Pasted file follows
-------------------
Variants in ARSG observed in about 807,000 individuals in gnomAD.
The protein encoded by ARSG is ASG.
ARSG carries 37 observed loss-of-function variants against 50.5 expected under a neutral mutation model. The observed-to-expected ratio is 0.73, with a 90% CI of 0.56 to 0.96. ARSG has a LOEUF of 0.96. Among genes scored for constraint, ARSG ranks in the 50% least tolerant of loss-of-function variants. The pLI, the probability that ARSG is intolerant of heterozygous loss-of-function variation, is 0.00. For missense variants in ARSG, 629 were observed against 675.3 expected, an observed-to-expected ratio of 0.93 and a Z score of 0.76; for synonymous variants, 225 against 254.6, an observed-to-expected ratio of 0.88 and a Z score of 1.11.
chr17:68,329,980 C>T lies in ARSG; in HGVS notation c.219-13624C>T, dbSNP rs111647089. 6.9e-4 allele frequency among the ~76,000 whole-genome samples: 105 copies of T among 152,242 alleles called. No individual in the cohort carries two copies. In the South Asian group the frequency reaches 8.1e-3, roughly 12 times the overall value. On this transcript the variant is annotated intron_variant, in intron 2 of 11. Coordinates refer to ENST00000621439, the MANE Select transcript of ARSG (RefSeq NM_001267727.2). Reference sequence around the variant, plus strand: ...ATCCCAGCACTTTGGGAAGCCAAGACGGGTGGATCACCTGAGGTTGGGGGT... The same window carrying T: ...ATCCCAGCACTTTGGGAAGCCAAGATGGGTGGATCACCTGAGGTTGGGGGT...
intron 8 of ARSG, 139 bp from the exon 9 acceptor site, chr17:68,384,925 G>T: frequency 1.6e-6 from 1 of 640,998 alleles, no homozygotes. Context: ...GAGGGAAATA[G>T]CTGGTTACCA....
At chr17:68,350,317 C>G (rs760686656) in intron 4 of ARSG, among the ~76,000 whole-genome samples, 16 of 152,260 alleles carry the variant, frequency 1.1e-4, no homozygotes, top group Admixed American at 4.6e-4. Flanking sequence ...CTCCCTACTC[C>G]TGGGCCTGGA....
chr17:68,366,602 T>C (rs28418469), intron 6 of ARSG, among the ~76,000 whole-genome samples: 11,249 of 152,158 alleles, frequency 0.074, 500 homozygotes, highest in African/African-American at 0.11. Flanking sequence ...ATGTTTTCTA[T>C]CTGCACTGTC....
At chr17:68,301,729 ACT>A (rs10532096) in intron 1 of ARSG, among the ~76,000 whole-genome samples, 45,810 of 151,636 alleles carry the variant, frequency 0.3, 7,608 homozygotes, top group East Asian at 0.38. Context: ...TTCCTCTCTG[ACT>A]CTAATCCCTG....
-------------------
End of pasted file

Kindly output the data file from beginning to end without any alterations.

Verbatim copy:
Variants in ARSG observed in about 807,000 individuals in gnomAD.
The protein encoded by ARSG is ASG.
ARSG carries 37 observed loss-of-function variants against 50.5 expected under a neutral mutation model. The observed-to-expected ratio is 0.73, with a 90% CI of 0.56 to 0.96. ARSG has a LOEUF of 0.96. Among genes scored for constraint, ARSG ranks in the 50% least tolerant of loss-of-function variants. The pLI, the probability that ARSG is intolerant of heterozygous loss-of-function variation, is 0.00. For missense variants in ARSG, 629 were observed against 675.3 expected, an observed-to-expected ratio of 0.93 and a Z score of 0.76; for synonymous variants, 225 against 254.6, an observed-to-expected ratio of 0.88 and a Z score of 1.11.
chr17:68,329,980 C>T lies in ARSG; in HGVS notation c.219-13624C>T, dbSNP rs111647089. 6.9e-4 allele frequency among the ~76,000 whole-genome samples: 105 copies of T among 152,242 alleles called. No individual in the cohort carries two copies. In the South Asian group the frequency reaches 8.1e-3, roughly 12 times the overall value. On this transcript the variant is annotated intron_variant, in intron 2 of 11. Coordinates refer to ENST00000621439, the MANE Select transcript of ARSG (RefSeq NM_001267727.2). Reference sequence around the variant, plus strand: ...ATCCCAGCACTTTGGGAAGCCAAGACGGGTGGATCACCTGAGGTTGGGGGT... The same window carrying T: ...ATCCCAGCACTTTGGGAAGCCAAGATGGGTGGATCACCTGAGGTTGGGGGT...
intron 8 of ARSG, 139 bp from the exon 9 acceptor site, chr17:68,384,925 G>T: frequency 1.6e-6 from 1 of 640,998 alleles, no homozygotes. Context: ...GAGGGAAATA[G>T]CTGGTTACCA....
At chr17:68,350,317 C>G (rs760686656) in intron 4 of ARSG, among the ~76,000 whole-genome samples, 16 of 152,260 alleles carry the variant, frequency 1.1e-4, no homozygotes, top group Admixed American at 4.6e-4. Flanking sequence ...CTCCCTACTC[C>G]TGGGCCTGGA....
chr17:68,366,602 T>C (rs28418469), intron 6 of ARSG, among the ~76,000 whole-genome samples: 11,249 of 152,158 alleles, frequency 0.074, 500 homozygotes, highest in African/African-American at 0.11. Flanking sequence ...ATGTTTTCTA[T>C]CTGCACTGTC....
At chr17:68,301,729 ACT>A (rs10532096) in intron 1 of ARSG, among the ~76,000 whole-genome samples, 45,810 of 151,636 alleles carry the variant, frequency 0.3, 7,608 homozygotes, top group East Asian at 0.38. Context: ...TTCCTCTCTG[ACT>A]CTAATCCCTG....